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PinkMonkey.com Digital Library - PinkMonkey.com-David Copperfield by Charles Dickens


saw that her shrewdest observation was concentrated on her new
guest, had more useful possession of her wits than either of us;
for she held him in conversation, and made it necessary for him to
talk, whether he liked it or not.

'You are a very old friend of my nephew's, Mr. Micawber,' said my
aunt. 'I wish I had had the pleasure of seeing you before.'

'Madam,' returned Mr. Micawber, 'I wish I had had the honour of
knowing you at an earlier period. I was not always the wreck you
at present behold.'

'I hope Mrs. Micawber and your family are well, sir,' said my aunt.

Mr. Micawber inclined his head. 'They are as well, ma'am,' he
desperately observed after a pause, 'as Aliens and Outcasts can
ever hope to be.'

'Lord bless you, sir!' exclaimed my aunt, in her abrupt way. 'What
are you talking about?'

'The subsistence of my family, ma'am,' returned Mr. Micawber,
'trembles in the balance. My employer -'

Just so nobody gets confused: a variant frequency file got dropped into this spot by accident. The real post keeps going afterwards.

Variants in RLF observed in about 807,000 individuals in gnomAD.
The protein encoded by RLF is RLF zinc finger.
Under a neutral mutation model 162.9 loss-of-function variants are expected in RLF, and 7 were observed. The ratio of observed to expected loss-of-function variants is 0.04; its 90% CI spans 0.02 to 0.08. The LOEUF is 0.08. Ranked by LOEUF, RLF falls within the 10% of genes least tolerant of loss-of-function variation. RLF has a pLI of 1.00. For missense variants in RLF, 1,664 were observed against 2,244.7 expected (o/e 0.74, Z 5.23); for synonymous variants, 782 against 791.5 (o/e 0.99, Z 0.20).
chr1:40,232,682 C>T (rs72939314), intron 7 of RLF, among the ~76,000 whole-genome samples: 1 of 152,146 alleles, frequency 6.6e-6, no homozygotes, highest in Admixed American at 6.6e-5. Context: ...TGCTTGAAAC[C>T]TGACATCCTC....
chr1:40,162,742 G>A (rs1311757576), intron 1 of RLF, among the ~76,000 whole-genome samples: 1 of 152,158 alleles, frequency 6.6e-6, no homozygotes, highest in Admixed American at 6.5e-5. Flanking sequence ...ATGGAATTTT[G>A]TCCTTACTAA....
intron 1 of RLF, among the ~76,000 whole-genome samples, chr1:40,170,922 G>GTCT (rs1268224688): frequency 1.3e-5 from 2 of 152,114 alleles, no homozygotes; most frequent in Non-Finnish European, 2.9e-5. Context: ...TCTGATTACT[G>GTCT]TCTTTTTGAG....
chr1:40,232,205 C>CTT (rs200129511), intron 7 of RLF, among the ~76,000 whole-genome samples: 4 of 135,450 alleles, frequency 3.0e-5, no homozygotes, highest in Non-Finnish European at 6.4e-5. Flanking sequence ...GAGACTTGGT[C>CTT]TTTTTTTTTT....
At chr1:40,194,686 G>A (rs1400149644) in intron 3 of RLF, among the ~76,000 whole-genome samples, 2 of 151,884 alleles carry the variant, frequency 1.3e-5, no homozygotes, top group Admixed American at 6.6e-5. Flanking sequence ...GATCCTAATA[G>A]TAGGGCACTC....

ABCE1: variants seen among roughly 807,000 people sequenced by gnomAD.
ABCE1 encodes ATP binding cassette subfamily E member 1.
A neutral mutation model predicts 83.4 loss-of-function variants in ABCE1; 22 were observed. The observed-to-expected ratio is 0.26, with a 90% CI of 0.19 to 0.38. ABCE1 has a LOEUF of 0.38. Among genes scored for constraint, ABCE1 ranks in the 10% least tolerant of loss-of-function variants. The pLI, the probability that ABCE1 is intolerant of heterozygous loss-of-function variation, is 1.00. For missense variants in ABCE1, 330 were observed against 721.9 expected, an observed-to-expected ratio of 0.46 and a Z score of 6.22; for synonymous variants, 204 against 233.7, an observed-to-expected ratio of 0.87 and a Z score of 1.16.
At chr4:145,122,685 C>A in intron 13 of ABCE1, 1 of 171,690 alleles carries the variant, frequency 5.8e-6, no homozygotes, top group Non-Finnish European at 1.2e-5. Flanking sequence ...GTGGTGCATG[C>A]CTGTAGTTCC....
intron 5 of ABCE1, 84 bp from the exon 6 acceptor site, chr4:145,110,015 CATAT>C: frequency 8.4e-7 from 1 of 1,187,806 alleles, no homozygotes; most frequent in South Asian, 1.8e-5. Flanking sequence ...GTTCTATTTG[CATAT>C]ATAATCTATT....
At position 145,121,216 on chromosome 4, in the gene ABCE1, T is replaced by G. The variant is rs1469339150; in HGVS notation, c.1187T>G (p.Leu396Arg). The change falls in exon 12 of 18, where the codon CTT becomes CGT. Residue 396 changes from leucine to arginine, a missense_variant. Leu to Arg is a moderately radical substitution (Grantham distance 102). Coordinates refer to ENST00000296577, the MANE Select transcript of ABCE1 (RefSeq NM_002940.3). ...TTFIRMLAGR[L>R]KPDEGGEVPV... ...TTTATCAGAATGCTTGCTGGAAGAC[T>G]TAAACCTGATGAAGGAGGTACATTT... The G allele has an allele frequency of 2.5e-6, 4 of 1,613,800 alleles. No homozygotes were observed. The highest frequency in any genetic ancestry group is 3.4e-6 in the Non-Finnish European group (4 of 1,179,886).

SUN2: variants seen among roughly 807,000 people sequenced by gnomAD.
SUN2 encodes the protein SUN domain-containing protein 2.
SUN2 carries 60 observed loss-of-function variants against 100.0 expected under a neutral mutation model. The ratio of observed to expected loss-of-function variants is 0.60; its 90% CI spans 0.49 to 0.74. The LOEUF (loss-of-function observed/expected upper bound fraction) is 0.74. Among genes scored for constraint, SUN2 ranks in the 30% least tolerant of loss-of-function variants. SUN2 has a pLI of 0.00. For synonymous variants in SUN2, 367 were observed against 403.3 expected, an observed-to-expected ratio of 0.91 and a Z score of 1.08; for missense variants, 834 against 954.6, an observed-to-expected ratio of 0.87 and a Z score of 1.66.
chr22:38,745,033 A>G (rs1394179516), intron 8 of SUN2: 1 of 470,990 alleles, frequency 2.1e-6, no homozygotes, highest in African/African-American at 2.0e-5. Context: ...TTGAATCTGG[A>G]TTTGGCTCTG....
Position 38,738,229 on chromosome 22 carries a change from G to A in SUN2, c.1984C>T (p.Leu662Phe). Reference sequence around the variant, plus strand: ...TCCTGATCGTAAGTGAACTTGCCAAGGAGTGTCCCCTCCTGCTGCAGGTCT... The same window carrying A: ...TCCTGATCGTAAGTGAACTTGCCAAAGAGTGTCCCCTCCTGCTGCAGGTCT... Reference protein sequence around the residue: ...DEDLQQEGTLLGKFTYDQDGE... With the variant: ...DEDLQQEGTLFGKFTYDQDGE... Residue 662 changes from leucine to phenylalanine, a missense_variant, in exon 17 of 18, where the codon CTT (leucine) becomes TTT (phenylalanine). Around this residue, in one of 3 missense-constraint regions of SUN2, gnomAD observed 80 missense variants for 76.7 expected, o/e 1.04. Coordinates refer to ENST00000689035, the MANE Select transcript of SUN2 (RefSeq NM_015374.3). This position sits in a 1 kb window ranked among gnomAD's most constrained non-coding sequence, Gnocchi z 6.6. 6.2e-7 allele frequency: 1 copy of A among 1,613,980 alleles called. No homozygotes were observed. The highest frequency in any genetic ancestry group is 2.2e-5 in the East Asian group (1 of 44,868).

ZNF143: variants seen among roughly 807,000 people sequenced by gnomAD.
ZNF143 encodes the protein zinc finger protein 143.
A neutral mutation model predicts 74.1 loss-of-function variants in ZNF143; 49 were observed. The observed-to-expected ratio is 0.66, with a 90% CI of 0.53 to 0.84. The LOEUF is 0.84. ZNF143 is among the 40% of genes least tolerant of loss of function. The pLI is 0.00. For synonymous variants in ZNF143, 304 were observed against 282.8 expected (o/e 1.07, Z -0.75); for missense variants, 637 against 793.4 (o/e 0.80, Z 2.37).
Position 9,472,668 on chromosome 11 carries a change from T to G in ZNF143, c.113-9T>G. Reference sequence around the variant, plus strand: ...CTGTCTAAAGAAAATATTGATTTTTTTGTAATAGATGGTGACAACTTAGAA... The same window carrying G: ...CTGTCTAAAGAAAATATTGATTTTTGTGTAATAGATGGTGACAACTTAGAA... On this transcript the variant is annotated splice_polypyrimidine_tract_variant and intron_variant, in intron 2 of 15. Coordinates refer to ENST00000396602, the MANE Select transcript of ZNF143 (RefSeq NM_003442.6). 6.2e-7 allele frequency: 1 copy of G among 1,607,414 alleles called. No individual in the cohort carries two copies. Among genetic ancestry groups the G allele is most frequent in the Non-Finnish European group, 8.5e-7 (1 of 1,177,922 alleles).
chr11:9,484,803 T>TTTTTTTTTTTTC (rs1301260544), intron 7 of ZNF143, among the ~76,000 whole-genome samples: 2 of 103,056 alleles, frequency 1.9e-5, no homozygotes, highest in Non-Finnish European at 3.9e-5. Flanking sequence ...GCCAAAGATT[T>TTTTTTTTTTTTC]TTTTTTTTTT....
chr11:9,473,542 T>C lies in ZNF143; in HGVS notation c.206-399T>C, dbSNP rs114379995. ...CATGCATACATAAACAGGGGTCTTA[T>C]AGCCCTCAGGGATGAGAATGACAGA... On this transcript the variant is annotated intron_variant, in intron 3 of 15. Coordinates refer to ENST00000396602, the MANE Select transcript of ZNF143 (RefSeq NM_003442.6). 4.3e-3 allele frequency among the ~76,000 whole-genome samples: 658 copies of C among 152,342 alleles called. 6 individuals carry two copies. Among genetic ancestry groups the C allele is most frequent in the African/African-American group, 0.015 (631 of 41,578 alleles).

Here Mr. Micawber provokingly left off; and began to peel the
lemons that had been under my directions set before him, together
with all the other appliances he used in making punch.

'Your employer, you know,' said Mr. Dick, jogging his arm as a
gentle reminder.

'My good sir,' returned Mr. Micawber, 'you recall me, I am obliged
to you.' They shook hands again. 'My employer, ma'am - Mr. Heep
- once did me the favour to observe to me, that if I were not in
the receipt of the stipendiary emoluments appertaining to my
engagement with him, I should probably be a mountebank about the
country, swallowing a sword-blade, and eating the devouring
element. For anything that I can perceive to the contrary, it is
still probable that my children may be reduced to seek a livelihood
by personal contortion, while Mrs. Micawber abets their unnatural
feats by playing the barrel-organ.'

Mr. Micawber, with a random but expressive flourish of his knife,
signified that these performances might be expected to take place
after he was no more; then resumed his peeling with a desperate
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PinkMonkey.com Digital Library - PinkMonkey.com-David Copperfield by Charles Dickens



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